Genevieve was a weak tropical cyclone
that meandered over the eastern North Pacific
for over 11 days without affecting any land areas.
a. Synoptic History
Satellite imagery showed an increase in cloudiness and thunderstorms in the vicinity
of the Gulf of Tehuantepec on 23 September. The tropical disturbance
moved westward over the next few days without signs of development. Deep convection
became more concentrated and the "best track"
indicates that a tropical depression
formed from the disturbance near 1800 UTC 27 September, while centered about 400
n mi south of the southern tip of Baja California (Fig. 1
[27K GIF] and Table 1). The developing
cyclone initially moved westward near 10 knots.
The tropical depression quickly strengthened into
Genevieve as upper-level outflow became better established and convective banding increased.
Maximum winds of 45 knots are estimated to have occurred from late on
the 28th to early on the 30th.
Genevieve tracked toward the west-southwest and decelerated. As steering currents
collapsed, the forward motion slowed to less than 5 knots by 30 September. A rather
erratic motion occurred between 30 September and 8 October, during which time the
of Genevieve moved less than 200 n mi. Although there is uncertainty in the
precise track, visible satellite fixes indicate that the
tropical cyclone executed two loops during this time.
Genevieve weakened to a tropical depression near 0000 UTC 1 October in response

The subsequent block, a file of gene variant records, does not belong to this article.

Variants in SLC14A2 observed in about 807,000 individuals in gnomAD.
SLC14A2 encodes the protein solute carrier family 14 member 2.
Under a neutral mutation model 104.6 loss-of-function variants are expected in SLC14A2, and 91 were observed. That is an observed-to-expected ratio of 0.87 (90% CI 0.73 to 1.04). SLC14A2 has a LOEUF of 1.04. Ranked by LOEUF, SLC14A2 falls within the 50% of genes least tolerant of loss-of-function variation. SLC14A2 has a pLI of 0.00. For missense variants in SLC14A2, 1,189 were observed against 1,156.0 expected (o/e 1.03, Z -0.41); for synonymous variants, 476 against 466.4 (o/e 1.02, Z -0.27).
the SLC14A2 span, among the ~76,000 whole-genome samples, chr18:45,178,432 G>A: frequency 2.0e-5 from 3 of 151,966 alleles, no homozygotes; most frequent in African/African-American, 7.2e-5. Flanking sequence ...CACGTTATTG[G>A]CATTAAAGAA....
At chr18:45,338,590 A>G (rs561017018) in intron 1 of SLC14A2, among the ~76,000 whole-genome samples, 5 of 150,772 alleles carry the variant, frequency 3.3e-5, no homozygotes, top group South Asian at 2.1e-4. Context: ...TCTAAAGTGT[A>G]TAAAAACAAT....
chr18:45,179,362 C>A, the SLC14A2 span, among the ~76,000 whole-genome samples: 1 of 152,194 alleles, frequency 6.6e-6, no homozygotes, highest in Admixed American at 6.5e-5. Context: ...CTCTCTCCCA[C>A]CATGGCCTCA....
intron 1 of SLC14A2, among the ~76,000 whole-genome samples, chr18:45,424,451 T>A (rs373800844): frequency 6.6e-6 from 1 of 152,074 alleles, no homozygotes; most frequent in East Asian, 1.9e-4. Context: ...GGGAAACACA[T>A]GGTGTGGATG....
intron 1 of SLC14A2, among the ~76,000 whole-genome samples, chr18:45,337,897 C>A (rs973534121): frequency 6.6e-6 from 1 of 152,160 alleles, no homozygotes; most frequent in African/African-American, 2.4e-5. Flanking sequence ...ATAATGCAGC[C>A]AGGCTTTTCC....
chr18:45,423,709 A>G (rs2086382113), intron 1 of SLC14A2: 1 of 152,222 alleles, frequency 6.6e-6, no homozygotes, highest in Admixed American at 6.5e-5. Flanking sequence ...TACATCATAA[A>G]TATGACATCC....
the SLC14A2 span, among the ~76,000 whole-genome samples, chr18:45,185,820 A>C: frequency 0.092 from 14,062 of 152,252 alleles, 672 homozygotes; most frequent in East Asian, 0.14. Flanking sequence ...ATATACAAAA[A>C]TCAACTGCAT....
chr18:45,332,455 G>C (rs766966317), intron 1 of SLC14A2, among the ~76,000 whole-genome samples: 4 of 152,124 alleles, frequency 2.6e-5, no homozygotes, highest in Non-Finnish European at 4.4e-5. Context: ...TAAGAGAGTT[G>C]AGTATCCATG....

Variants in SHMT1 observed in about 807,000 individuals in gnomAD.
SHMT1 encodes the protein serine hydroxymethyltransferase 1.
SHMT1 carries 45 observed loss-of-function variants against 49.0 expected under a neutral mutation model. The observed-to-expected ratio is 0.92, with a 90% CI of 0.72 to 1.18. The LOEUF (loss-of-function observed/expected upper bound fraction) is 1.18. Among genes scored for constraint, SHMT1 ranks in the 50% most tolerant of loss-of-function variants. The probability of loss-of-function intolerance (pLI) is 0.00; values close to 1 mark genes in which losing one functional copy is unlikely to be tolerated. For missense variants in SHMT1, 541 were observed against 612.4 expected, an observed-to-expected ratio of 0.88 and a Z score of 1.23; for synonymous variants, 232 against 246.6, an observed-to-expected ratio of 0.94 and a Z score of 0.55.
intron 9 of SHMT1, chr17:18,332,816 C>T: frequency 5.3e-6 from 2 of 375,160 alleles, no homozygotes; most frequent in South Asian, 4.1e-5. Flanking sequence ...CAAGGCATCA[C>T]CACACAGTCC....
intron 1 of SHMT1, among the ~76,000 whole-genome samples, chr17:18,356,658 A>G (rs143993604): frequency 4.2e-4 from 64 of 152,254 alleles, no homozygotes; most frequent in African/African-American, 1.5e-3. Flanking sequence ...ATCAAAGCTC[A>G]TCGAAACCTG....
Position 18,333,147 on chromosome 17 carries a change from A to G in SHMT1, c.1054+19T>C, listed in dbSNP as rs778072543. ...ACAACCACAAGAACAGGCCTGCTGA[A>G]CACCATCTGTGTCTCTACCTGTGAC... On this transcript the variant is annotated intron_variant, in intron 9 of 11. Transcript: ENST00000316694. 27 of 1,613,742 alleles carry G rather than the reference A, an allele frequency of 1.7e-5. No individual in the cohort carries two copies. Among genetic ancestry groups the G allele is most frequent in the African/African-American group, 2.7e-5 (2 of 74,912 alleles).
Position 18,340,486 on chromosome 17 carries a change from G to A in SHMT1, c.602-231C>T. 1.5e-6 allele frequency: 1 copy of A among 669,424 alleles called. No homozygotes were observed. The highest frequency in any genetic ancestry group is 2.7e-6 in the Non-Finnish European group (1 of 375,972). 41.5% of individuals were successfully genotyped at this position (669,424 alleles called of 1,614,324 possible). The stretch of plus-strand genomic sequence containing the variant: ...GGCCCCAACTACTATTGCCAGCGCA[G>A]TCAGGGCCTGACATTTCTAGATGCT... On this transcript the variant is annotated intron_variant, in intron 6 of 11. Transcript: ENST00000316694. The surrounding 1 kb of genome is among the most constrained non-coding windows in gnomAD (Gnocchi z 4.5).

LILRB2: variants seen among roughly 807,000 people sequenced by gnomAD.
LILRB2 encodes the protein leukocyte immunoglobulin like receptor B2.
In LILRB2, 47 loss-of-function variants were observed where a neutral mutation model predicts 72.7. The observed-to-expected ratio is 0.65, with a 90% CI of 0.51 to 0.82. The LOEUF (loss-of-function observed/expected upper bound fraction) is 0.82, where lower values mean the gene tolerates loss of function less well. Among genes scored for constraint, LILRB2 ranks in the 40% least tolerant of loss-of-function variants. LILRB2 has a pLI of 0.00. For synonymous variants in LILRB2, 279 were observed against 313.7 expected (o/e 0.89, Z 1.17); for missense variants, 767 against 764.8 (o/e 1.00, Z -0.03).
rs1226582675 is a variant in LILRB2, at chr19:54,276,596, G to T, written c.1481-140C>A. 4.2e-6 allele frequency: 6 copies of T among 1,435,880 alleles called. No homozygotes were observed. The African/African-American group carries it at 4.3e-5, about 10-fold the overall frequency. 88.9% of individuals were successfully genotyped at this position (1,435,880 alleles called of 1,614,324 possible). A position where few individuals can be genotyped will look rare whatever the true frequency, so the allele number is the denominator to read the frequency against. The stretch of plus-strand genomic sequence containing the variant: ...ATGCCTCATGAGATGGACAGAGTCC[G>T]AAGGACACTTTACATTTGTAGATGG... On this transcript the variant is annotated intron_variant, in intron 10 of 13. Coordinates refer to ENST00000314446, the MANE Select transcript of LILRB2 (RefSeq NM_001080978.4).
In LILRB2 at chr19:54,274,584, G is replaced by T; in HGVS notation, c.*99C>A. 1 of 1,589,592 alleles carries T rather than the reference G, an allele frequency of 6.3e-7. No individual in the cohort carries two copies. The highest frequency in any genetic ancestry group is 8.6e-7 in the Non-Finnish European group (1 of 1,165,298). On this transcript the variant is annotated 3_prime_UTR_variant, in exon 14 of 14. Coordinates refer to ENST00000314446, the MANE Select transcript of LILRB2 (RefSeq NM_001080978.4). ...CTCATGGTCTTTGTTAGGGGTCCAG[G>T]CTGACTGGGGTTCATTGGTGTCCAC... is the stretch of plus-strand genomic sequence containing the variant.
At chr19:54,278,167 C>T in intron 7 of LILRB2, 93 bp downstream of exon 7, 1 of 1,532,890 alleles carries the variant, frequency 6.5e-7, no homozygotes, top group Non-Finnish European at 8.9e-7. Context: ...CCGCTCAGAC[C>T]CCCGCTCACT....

to increased easterly shear. The shear temporarily diminished on 6 October, and
Genevieve regained tropical storm strength for about 36 hours. Thereafter, the tropical
cyclone again weakened to a tropical depression as it entrained drier air.
Genevieve dissipated on 9 October less than 650 n mi from where it developed a little
over 11 days earlier, although occasional flare-ups of convection occurred in
association with a low-level swirl for a few more days.
b. Meteorological Statistics
Figures 2 (23K GIF) and
3 (24K GIF) show "best track"
curves of minimum central pressure and maximum one-minute surface wind speed,
respectively, as a function of time. The observations on which the curves
are based are also plotted and consist of Dvorak-technique estimates
using satellite imagery. The NEDLLOYD DEJIMA reported a north wind
of 35 knots at 1800 UTC 7 October while located about 200 n mi to the north-northwest
of the center of Genevieve.
This was the only ship report of tropical storm force winds received.
c. Casualty and Damage Statistics
No reports of casualties or damage associated with Genevieve have been received at
d. Forecast and Warning Critique
Genevieve was categorized as a tropical storm for only four days. Those days were not
consecutive, so only limited forecast evaluations are possible. During Genevieve's life
as a tropical storm, the average official track forecast errors ranged from 145 n mi at
24 hours (11 cases) to 283 n mi at 48 hours (4 cases). These errors are nearly double
the previous eight year averages. The official forecasts as well as many of the track
prediction models consistently indicated a west-northwestward motion which did not occur.
The intensity forecasts showed a positive bias (i.e., intensity was overestimated). This
bias resulted primarily from the early forecasts that, incorrectly, expected Genevieve
to remain within a light-shear environment and strengthen.
Operationally, advisories were discontinued at 2100 UTC 3 October when the cloud
pattern appeared very disorganized; advisories resumed at 2100 UTC 6 October. In
contrast, a post-analysis indicates that a weak low-level circulation persisted and the
best track shows depression status through this period.
The tropical storm did not threaten land. Therefore, coastal watches or warnings were